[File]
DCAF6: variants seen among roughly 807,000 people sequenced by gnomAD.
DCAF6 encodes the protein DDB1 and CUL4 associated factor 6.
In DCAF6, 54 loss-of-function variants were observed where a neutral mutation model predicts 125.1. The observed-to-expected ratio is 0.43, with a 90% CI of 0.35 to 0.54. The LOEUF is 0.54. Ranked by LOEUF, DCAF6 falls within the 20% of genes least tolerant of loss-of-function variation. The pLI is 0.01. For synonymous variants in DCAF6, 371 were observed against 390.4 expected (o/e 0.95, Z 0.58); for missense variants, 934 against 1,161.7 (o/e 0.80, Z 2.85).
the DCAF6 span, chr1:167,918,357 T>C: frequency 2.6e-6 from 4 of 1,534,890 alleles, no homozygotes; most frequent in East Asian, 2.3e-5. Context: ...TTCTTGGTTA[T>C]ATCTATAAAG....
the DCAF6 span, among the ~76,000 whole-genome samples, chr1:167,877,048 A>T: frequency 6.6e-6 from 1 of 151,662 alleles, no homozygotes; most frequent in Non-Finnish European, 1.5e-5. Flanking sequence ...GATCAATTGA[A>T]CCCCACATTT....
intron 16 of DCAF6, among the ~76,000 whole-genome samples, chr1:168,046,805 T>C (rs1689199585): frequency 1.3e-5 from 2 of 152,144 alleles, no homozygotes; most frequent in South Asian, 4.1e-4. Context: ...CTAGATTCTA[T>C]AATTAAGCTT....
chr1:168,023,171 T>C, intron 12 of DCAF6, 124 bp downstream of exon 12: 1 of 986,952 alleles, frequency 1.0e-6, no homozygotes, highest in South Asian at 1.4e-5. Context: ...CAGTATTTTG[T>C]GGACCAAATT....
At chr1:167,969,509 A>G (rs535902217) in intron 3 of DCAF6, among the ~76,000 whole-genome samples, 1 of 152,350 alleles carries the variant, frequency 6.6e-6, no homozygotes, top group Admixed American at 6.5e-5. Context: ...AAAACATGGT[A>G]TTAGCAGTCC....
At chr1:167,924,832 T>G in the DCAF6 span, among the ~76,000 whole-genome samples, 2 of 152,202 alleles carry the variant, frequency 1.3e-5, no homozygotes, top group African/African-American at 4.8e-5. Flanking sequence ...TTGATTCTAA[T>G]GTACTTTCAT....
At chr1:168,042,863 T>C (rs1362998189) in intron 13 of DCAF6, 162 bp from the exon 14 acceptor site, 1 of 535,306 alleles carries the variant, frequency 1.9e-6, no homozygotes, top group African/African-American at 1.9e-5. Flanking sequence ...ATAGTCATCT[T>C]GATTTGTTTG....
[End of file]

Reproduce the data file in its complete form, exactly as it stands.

DCAF6: variants seen among roughly 807,000 people sequenced by gnomAD.
DCAF6 encodes the protein DDB1 and CUL4 associated factor 6.
In DCAF6, 54 loss-of-function variants were observed where a neutral mutation model predicts 125.1. The observed-to-expected ratio is 0.43, with a 90% CI of 0.35 to 0.54. The LOEUF is 0.54. Ranked by LOEUF, DCAF6 falls within the 20% of genes least tolerant of loss-of-function variation. The pLI is 0.01. For synonymous variants in DCAF6, 371 were observed against 390.4 expected (o/e 0.95, Z 0.58); for missense variants, 934 against 1,161.7 (o/e 0.80, Z 2.85).
the DCAF6 span, chr1:167,918,357 T>C: frequency 2.6e-6 from 4 of 1,534,890 alleles, no homozygotes; most frequent in East Asian, 2.3e-5. Context: ...TTCTTGGTTA[T>C]ATCTATAAAG....
the DCAF6 span, among the ~76,000 whole-genome samples, chr1:167,877,048 A>T: frequency 6.6e-6 from 1 of 151,662 alleles, no homozygotes; most frequent in Non-Finnish European, 1.5e-5. Flanking sequence ...GATCAATTGA[A>T]CCCCACATTT....
intron 16 of DCAF6, among the ~76,000 whole-genome samples, chr1:168,046,805 T>C (rs1689199585): frequency 1.3e-5 from 2 of 152,144 alleles, no homozygotes; most frequent in South Asian, 4.1e-4. Context: ...CTAGATTCTA[T>C]AATTAAGCTT....
chr1:168,023,171 T>C, intron 12 of DCAF6, 124 bp downstream of exon 12: 1 of 986,952 alleles, frequency 1.0e-6, no homozygotes, highest in South Asian at 1.4e-5. Context: ...CAGTATTTTG[T>C]GGACCAAATT....
At chr1:167,969,509 A>G (rs535902217) in intron 3 of DCAF6, among the ~76,000 whole-genome samples, 1 of 152,350 alleles carries the variant, frequency 6.6e-6, no homozygotes, top group Admixed American at 6.5e-5. Context: ...AAAACATGGT[A>G]TTAGCAGTCC....
At chr1:167,924,832 T>G in the DCAF6 span, among the ~76,000 whole-genome samples, 2 of 152,202 alleles carry the variant, frequency 1.3e-5, no homozygotes, top group African/African-American at 4.8e-5. Flanking sequence ...TTGATTCTAA[T>G]GTACTTTCAT....
At chr1:168,042,863 T>C (rs1362998189) in intron 13 of DCAF6, 162 bp from the exon 14 acceptor site, 1 of 535,306 alleles carries the variant, frequency 1.9e-6, no homozygotes, top group African/African-American at 1.9e-5. Flanking sequence ...ATAGTCATCT[T>C]GATTTGTTTG....